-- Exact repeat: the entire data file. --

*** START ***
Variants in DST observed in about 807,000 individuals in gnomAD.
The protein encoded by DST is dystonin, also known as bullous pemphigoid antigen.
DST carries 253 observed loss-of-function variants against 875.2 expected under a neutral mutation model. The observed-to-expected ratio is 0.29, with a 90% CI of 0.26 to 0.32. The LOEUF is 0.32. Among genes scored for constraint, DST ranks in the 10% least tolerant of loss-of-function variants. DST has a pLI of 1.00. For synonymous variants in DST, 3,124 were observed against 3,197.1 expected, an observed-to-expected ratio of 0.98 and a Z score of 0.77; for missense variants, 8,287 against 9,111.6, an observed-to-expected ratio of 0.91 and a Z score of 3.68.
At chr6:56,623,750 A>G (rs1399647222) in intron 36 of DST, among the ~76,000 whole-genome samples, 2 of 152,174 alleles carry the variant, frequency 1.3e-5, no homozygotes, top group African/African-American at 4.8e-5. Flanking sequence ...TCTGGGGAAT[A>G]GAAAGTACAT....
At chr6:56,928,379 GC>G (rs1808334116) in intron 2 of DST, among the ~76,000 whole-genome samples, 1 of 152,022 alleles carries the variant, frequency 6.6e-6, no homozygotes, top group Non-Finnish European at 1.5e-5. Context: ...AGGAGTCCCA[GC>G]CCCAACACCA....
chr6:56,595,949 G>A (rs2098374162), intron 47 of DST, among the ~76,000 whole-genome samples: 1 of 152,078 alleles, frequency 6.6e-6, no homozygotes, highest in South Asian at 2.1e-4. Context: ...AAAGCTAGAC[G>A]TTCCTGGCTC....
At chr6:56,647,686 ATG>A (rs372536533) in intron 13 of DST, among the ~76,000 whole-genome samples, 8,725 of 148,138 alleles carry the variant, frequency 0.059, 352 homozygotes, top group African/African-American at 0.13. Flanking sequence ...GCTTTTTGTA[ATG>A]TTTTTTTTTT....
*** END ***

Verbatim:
Variants in DST observed in about 807,000 individuals in gnomAD.
The protein encoded by DST is dystonin, also known as bullous pemphigoid antigen.
DST carries 253 observed loss-of-function variants against 875.2 expected under a neutral mutation model. The observed-to-expected ratio is 0.29, with a 90% CI of 0.26 to 0.32. The LOEUF is 0.32. Among genes scored for constraint, DST ranks in the 10% least tolerant of loss-of-function variants. DST has a pLI of 1.00. For synonymous variants in DST, 3,124 were observed against 3,197.1 expected, an observed-to-expected ratio of 0.98 and a Z score of 0.77; for missense variants, 8,287 against 9,111.6, an observed-to-expected ratio of 0.91 and a Z score of 3.68.
At chr6:56,623,750 A>G (rs1399647222) in intron 36 of DST, among the ~76,000 whole-genome samples, 2 of 152,174 alleles carry the variant, frequency 1.3e-5, no homozygotes, top group African/African-American at 4.8e-5. Flanking sequence ...TCTGGGGAAT[A>G]GAAAGTACAT....
At chr6:56,928,379 GC>G (rs1808334116) in intron 2 of DST, among the ~76,000 whole-genome samples, 1 of 152,022 alleles carries the variant, frequency 6.6e-6, no homozygotes, top group Non-Finnish European at 1.5e-5. Context: ...AGGAGTCCCA[GC>G]CCCAACACCA....
chr6:56,595,949 G>A (rs2098374162), intron 47 of DST, among the ~76,000 whole-genome samples: 1 of 152,078 alleles, frequency 6.6e-6, no homozygotes, highest in South Asian at 2.1e-4. Context: ...AAAGCTAGAC[G>A]TTCCTGGCTC....
At chr6:56,647,686 ATG>A (rs372536533) in intron 13 of DST, among the ~76,000 whole-genome samples, 8,725 of 148,138 alleles carry the variant, frequency 0.059, 352 homozygotes, top group African/African-American at 0.13. Flanking sequence ...GCTTTTTGTA[ATG>A]TTTTTTTTTT....